In some applications, the data available for modeling might not be exact. A commonly encountered scenario is the use of grouped data from an external agency, which for several reasons, including privacy, does not provide information about individual loss events. The losses are grouped into disjoint bins, and you know only the range and number of values in each bin. Each group is essentially intervalcensored, because you know that a loss magnitude is in certain interval, but you do not know the exact magnitude. This example illustrates how you can use PROC SEVERITY to model such data.
The following DATA step generates sample grouped data for dental insurance claims, which is taken from Klugman, Panjer, and Willmot (1998).
/* Grouped dental insurance claims data (Klugman, Panjer, and Willmot, 1998) */ data gdental; input lowerbd upperbd count @@; datalines; 0 25 30 25 50 31 50 100 57 100 150 42 150 250 65 250 500 84 500 1000 45 1000 1500 10 1500 2500 11 2500 4000 3 ; run;
Often, when you do not know the nature of the data, it is recommended that you first explore the nature of the sample distribution by examining the nonparametric estimates of PDF and CDF. The following PROC SEVERITY step prepares the nonparametric estimates, but it does not fit any distribution because there is no DIST statement specified:
/* Prepare nonparametric estimates */ proc severity data=gdental print=all plots(histogram kernel)=all; loss / rc=lowerbd lc=upperbd; weight count; run;
The LOSS statement specifies the left and right boundary of each group as the rightcensoring and leftcensoring limits, respectively.
The variable count
records the number of losses in each group and is specified in the WEIGHT statement. Note that there is no response or loss
variable specified in the LOSS statement, which is allowed as long as each observation in the input data set is censored.
The nonparametric estimates prepared by this step are shown in Output 23.6.1. The histogram, kernel density, and EDF plots all indicate that the data is heavytailed. For intervalcensored data, PROC
SEVERITY uses Turnbull’s algorithm to compute the EDF estimates. The plot of Turnbull’s EDF estimates is shown to be linear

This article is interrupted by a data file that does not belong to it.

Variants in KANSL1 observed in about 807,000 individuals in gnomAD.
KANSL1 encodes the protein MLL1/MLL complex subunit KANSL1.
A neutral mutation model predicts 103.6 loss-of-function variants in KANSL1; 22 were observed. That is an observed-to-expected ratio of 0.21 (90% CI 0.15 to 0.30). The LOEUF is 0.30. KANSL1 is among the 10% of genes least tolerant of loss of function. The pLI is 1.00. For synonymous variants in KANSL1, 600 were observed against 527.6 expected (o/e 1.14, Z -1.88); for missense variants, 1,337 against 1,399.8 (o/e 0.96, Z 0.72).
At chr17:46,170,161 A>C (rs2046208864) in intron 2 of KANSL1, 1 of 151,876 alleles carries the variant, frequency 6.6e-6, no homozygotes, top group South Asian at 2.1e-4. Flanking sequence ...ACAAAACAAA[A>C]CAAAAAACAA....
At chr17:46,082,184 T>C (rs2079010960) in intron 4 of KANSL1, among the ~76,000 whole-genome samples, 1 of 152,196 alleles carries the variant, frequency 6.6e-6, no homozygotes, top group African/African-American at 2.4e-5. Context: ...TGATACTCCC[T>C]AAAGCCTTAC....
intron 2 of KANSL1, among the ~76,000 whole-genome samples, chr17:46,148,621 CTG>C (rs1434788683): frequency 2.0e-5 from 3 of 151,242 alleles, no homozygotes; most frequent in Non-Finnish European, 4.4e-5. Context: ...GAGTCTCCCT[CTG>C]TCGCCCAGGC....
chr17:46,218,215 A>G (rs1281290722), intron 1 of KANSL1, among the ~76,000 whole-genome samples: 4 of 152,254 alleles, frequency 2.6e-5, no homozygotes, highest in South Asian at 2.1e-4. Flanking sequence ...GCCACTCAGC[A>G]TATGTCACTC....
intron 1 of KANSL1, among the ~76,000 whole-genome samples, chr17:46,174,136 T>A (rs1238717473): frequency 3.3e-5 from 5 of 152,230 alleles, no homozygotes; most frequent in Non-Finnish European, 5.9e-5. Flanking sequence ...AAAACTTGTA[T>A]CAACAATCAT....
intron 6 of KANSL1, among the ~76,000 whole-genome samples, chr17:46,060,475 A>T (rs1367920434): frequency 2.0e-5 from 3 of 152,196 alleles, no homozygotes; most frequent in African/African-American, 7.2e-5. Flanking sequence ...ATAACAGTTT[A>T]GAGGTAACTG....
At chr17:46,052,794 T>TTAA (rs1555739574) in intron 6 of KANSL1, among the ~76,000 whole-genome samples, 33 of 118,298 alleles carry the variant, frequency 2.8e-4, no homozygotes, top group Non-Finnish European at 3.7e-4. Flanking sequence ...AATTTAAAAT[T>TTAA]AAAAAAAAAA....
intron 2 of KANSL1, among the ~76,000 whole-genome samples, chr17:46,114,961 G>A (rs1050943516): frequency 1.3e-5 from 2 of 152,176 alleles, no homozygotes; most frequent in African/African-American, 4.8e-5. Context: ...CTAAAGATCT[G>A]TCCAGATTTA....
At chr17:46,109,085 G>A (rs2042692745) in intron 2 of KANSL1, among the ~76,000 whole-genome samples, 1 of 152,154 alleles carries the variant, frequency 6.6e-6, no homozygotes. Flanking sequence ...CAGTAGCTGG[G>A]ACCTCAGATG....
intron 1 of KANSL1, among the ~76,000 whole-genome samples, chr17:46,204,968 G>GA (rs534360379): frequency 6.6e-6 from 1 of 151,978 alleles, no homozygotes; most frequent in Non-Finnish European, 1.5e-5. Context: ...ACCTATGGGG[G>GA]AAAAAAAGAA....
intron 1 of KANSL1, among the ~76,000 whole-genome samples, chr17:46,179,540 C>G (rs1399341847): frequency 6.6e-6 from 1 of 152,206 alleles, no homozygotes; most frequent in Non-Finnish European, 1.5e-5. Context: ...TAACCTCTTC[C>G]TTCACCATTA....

between the endpoints of a censored group. The linear relationship is chosen for convenient visualization and ease of computation
of EDFbased statistics, but you should note that theoretically the behavior of Turnbull’s EDF estimates is undefined within
a group.
Output 23.6.1: Nonparametric Distribution Estimates for IntervalCensored Data


With the PRINT=ALL option, PROC SEVERITY prints the summary of the Turnbull EDF estimation process as shown in Output 23.6.2. It indicates that the final EDF estimates have converged and are in fact maximum likelihood (ML) estimates. If they were not ML estimates, then you could have used the ENSUREMLE option to force the algorithm to search for ML estimates.
Output 23.6.2: Turnbull EDF Estimation Summary for IntervalCensored Data
Turnbull EDF Estimation Summary  

Technique  EM with Maximum Likelihood Check 
Convergence Status  Converged 
Number of Iterations  2 
Maximum Absolute Relative Error  1.8406E16 
Maximum Absolute Reduced Gradient  1.7764E15 
Estimates  Maximum Likelihood 
After exploring the nature of the data, you can now fit a set of heavytailed distributions to this data. The following PROC
SEVERITY step fits all the predefined distributions to the data in Work.Gdental
data set:
/* Fit all predefined distributions */ proc severity data=gdental print=all plots(histogram kernel)=all criterion=ad; loss / rc=lowerbd lc=upperbd; weight count; dist _predef_; run;
Some of the key results prepared by PROC SEVERITY are shown in Output 23.6.3 through Output 23.6.4. According to the “Model Selection Table” in Output 23.6.3, all distribution models have converged. The “All Fit Statistics Table” in Output 23.6.3 indicates that the generalized Pareto distribution (GPD) has the best fit for data according to a majority of the likelihoodbased statistics and that the Burr distribution (BURR) has the best fit according to all the EDFbased statistics.
Output 23.6.3: Statistics of Fit for IntervalCensored Data
Input Data Set  

Name  WORK.GDENTAL 
Model Selection Table  

Distribution  Converged  AndersonDarling Statistic 
Selected 
Burr  Yes  0.00103  Yes 
Exp  Yes  0.09936  No 
Gamma  Yes  0.04608  No 
Igauss  Yes  0.12301  No 
Logn  Yes  0.01884  No 
Pareto  Yes  0.00739  No 
Gpd  Yes  0.00739  No 
Weibull  Yes  0.03293  No 
All Fit Statistics Table  

Distribution  2 Log Likelihood 
AIC  AICC  BIC  KS  AD  CvM  
Burr  41.41112  *  47.41112  51.41112  48.31888  0.08974  *  0.00103  *  0.0000816  *  
Exp  42.14768  44.14768  *  44.64768  *  44.45026  *  0.26412  0.09936  0.01866  
Gamma  41.92541  45.92541  47.63969  46.53058  0.19569  0.04608  0.00759  
Igauss  42.34445  46.34445  48.05874  46.94962  0.34514  0.12301  0.02562  
Logn  41.62598  45.62598  47.34027  46.23115  0.16853  0.01884  0.00333  
Pareto  41.45480  45.45480  47.16908  46.05997  0.11423  0.00739  0.0009084  
Gpd  41.45480  45.45480  47.16908  46.05997  0.11423  0.00739  0.0009084  
Weibull  41.76272  45.76272  47.47700  46.36789  0.17238  0.03293  0.00472 
The PP plots of Output 23.6.4 show that both GPD and BURR have a close fit between EDF and CDF estimates, although BURR has slightly better fit, which is also indicated by the EDFbased statistics. Given that BURR is a generalization of the GPD and that the plots do not offer strong evidence in support of the more complex distribution, GPD seems like a good choice for this data.
Output 23.6.4: PP Plots of Burr and GPD for IntervalCensored Data